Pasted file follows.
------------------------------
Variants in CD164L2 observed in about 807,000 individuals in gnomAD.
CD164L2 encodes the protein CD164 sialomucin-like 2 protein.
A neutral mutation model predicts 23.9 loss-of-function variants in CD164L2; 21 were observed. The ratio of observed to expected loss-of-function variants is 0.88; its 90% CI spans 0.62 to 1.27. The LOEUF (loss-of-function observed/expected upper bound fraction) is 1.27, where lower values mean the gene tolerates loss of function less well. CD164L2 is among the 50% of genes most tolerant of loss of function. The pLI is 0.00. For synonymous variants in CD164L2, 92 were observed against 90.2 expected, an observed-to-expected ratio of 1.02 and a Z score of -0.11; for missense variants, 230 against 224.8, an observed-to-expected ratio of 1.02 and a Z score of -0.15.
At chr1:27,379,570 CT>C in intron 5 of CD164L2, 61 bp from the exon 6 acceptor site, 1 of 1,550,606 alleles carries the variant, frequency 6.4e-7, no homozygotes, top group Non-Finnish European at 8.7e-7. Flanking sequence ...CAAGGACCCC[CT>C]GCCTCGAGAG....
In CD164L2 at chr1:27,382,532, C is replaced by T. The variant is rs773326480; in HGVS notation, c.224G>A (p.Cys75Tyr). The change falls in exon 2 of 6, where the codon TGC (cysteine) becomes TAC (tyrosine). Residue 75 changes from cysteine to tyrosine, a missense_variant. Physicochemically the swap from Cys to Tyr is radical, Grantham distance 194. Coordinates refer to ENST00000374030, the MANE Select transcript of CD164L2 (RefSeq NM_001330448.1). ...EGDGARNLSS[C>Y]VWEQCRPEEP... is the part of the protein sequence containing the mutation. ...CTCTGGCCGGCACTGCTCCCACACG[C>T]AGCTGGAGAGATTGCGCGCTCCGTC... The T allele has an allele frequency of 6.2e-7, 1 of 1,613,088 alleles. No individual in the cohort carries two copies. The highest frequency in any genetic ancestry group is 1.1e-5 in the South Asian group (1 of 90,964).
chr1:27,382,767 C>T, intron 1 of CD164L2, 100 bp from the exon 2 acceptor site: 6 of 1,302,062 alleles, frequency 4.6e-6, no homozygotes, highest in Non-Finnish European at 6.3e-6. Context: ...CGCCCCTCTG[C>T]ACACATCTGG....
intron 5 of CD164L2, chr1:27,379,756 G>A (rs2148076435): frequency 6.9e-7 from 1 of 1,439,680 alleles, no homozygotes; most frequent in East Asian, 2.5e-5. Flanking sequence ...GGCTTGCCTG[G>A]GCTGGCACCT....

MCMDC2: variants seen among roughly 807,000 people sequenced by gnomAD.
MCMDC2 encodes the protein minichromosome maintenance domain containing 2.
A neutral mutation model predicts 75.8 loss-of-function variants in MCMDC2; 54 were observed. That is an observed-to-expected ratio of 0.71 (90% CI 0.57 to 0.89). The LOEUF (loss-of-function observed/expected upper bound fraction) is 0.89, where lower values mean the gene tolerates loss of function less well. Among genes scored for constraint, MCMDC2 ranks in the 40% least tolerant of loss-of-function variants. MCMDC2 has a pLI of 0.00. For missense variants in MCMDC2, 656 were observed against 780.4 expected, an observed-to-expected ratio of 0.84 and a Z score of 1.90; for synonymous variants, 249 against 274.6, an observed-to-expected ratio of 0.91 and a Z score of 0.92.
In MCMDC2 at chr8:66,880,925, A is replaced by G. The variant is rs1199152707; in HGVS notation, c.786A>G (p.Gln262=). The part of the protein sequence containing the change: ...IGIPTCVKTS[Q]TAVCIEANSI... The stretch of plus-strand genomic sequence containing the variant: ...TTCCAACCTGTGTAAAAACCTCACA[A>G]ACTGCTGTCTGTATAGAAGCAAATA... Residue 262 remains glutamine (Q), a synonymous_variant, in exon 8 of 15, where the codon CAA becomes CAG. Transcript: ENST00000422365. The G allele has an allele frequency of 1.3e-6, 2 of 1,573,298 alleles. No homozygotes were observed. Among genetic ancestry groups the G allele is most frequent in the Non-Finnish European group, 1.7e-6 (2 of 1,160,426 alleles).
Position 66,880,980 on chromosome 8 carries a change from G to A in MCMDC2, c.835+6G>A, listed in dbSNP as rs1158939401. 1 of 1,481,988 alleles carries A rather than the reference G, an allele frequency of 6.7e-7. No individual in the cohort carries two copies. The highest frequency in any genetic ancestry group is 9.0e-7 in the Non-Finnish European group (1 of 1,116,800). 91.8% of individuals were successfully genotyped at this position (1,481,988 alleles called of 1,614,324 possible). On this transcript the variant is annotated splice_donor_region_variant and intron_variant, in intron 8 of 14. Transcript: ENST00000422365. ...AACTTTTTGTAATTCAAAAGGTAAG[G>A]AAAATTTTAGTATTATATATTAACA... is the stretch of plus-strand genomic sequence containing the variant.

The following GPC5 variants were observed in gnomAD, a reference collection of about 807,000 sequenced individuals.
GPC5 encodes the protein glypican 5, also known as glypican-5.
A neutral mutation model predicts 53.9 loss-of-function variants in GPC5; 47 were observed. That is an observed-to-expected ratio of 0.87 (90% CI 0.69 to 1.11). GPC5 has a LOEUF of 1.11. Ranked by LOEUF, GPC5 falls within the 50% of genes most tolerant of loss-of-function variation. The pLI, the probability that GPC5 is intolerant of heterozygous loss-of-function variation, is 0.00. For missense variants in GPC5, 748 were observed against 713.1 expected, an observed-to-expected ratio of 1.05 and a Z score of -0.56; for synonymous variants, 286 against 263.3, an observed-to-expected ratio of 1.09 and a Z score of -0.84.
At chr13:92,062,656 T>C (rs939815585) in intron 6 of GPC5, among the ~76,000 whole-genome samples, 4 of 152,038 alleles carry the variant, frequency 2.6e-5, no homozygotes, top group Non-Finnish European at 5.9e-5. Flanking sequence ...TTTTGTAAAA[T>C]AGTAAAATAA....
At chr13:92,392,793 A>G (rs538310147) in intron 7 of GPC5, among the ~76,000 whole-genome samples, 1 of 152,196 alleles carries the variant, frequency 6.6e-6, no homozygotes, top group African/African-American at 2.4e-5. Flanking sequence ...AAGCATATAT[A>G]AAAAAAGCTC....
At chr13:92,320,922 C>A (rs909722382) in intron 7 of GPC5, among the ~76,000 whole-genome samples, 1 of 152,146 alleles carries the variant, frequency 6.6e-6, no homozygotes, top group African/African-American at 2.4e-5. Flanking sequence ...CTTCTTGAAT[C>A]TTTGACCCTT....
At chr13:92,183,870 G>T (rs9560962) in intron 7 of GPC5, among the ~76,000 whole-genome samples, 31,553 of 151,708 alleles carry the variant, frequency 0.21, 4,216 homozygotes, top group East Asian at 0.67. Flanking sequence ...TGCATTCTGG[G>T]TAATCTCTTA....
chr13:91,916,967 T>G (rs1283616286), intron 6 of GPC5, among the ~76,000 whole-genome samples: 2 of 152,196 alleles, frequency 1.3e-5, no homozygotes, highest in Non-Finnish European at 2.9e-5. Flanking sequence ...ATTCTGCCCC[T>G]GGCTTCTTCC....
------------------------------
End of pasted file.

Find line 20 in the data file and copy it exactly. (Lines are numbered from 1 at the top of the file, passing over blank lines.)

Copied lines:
chr13:91,916,967 T>G (rs1283616286), intron 6 of GPC5, among the ~76,000 whole-genome samples: 2 of 152,196 alleles, frequency 1.3e-5, no homozygotes, highest in Non-Finnish European at 2.9e-5. Flanking sequence ...ATTCTGCCCC[T>G]GGCTTCTTCC....